# I need to design a second-order high-pass filter, gain 2 and cut frequency of 500 Hz. Using chebyshev response of 0.1 dB

I took the parameters from the MT-206 table of Analog Devices. I did not find in any book the chebyshev response of 0.1dB. https://www.analog.com/media/en/training-seminars/tutorials/MT-206.pdf

I performed the following steps to find the value of the elements

First: I'm pretty sure this is wrong.

Second: I have to take into account the Q of chebyshev's answer or I can only take into account the gain I want out of 2.

Third: The gain over there is almost around 5. Is there a way to "decrease the gain"?

• First: You are correct. The gain formula is wrong, it should be 1 +R3/R4 which affects Q’s from positive feedback. A Chebychev ripple of 0dB becomes a Butterworth filter, Apr 28, 2021 at 13:18
• I don't quite recognize that topology, which one is it? Sallen-Key? Multiple feedback? ...? Apr 28, 2021 at 13:24
• S&K... your component tolerances might exceed 0.1 dB ripple. Use TI Filter Design and choose tolerance of parts Apr 28, 2021 at 13:25
• @TonyStewartEE75 That doesn't look like any Sallen-Key I know of. Or multiple feedback. Or any other. Apr 28, 2021 at 13:27
• It's Sallen-Key Apr 28, 2021 at 13:28

This is not what your Prof expects but it is how I would approach it. I assume he wants you to compute it. This way takes a few minutes.

500 Hz HPF 2nd order Chebychev response S&K filter Av=2 in passband = 6.02 dB +/- 0.1dB

Your link shows the analytic approach only for a unity gain 0.1 dB normalized frequency response on page 9

Table 1.2 on p.2 shows the Ripple BW f to -3dB f for 0.1 dB ripple filter and only the 2nd order has the value 1.93432= f_ripple/f-3dB which supports my comment that for this filter when Ripple = 0 equals the Butterworth Filter at 1/2 the cutoff frequency.

This is important not to confuse the two bandwidth definitions as some may assume BW is always -3dB rather than the "Ripple BW" where the ratio varies depending on the order of the filter. In the other filter designs, you can choose the attenuation level where the phase has maximum linearity like -6 dB or -10 dB. but in higher order filters, usually you defined the Stop-Band attenuation and frequency with the Pass-Band gain or attenuation with frequency.

• Here I used Falstad's Analog filter site and chose the -3dB BW = 500 Hz /1.93432 = 259 Hz and they only offer unity gain filter tools. Again you may scale up impedance to the RC values with the same product just for low current on CMOS type Op Amps.

The table of parameters for unity gain from your Analog Devices link and for giggles and kicks a Quad Op Amp's worth of an 8th order filter.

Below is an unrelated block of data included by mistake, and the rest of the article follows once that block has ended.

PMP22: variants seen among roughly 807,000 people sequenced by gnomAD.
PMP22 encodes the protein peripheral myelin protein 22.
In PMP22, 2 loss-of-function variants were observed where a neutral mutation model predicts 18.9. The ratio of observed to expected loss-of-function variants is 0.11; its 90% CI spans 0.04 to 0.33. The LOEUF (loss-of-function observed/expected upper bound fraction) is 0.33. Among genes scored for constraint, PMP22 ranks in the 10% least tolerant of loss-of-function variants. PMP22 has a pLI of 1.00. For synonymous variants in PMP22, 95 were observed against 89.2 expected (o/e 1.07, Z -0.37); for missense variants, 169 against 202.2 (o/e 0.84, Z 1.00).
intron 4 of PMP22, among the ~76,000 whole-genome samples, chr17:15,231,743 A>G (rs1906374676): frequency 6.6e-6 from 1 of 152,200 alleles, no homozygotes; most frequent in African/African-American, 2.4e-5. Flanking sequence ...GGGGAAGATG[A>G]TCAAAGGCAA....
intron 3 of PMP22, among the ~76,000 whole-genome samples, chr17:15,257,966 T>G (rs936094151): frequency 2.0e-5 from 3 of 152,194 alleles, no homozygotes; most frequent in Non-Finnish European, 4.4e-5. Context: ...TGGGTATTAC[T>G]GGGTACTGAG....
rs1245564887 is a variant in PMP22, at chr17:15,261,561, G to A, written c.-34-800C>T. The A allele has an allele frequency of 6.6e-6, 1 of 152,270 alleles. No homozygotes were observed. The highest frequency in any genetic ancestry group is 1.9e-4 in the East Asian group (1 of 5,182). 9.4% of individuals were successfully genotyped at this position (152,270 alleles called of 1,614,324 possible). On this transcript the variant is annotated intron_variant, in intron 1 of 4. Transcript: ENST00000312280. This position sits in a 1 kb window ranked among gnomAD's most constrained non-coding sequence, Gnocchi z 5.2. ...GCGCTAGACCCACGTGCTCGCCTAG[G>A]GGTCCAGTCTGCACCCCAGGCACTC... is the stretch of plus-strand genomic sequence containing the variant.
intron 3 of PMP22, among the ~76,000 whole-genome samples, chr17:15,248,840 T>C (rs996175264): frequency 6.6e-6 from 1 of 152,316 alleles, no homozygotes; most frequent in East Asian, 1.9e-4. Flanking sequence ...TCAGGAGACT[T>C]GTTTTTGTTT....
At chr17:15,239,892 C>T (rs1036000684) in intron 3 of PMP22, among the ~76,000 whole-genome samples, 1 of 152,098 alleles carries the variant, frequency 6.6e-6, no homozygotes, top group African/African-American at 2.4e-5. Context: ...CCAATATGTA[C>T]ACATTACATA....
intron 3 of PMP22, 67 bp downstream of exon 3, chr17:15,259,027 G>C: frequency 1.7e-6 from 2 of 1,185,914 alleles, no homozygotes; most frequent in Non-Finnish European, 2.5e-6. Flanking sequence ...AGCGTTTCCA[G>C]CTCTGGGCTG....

• Okay, I'll take a closer look, thanks !! Apr 28, 2021 at 17:53
• Okay any comments? Apr 28, 2021 at 19:55

Here's your diagram with some annotations:

Although I've never seen this particular arrangement before, I'll argue that the above can be reduced to:

Where $$\R_2=\frac{R_a\,R_b}{R_a+R_b}\$$ and $$\A=\frac{1}{1+\frac{R_b}{R_a}}\$$.

Since $$\A\$$ is in series with $$\R_2\$$, we can swap positions when performing the nodal analysis as seen below:

Using sympy and assuming $$\C=C_1=C_2\$$:

eq1 = Eq( va/ra + va/rb + va/(1/s/c) + va/(1/s/c), vp/(1/s/c) + vi/(1/s/c) + (A*vo)/r2 + 0/ra)
eq2 = Eq( vp/(1/s/c) + vp/r1, va/(1/s/c) + 0/r1 )
eq3 = Eq( vm/r3 + vm/r4, vo/r3 + 0/r4 )
eq4 = Eq( vo/r2 + vo/r3, vm/r3 + (va/A)/r2 + io )
eq5 = Eq( vp, vm )
ans = solve( [eq1, eq2, eq3, eq4, eq5], [io, va, vp, vm, vo] )
tf = simplify( ans[vo]/vi )
n0 = factor( -expand(fraction(simplify(ans[vo]/vi))[0]), s )
d0 = factor( -expand(fraction(simplify(ans[vo]/vi))[1]), s )
np = Poly( n0, s )
dp = Poly( d0, s )
w0 = sqrt( simplify(dp.coeffs()[2] / dp.coeffs()[0]) )
alpha = simplify( 1/2 * dp.coeffs()[1] / dp.coeffs()[0] )
zeta = simplify( alpha / w0 )
K = expand( simplify( np.coeffs()[0] / dp.coeffs()[0] ) )


So now I find:

\begin{align*} R_2&= R_a\mid\mid R_b = \frac{R_a\,R_b}{R_a+R_b} \\\\ A&=\frac1{1+\frac{R_b}{R_a}} \\\\ K&=1+\frac{R_3}{R_4} \\\\ \omega_{_0}&=\frac1{C\sqrt{R_1\,R_2}} \\\\ \zeta&=\sqrt{\frac{R_2}{R_1}}-\frac12\sqrt{\frac{R_1}{R_2}}\bigg[A\,K-1\bigg] \\\\ \mathcal{H}\left(s\right)&=K\frac{s^2}{s^2+2\zeta\,\omega_{_0}s+\omega_{_0}^{\:\!2}} \end{align*}

The Chebyshev function you are looking to achieve (if I understand it) is:

eta0 = solve( Eq( 10**(-0.1/10), 1/(1+x**2) ), x )[1]
alp0 = arcsinh( 1 / eta1 ) / 2
chr0 = Poly( simplify((s-(-sinh(alp1)*sin(pi/4)+i*cosh(alp1)*cos(pi/4)))*(s-(-sinh(alp1)*sin(3*pi/4)+i*cosh(alp1)*cos(3*pi/4)))).n(), s )
w0chr = sqrt( chr0.coeffs()[2] / chr0.coeffs()[0] )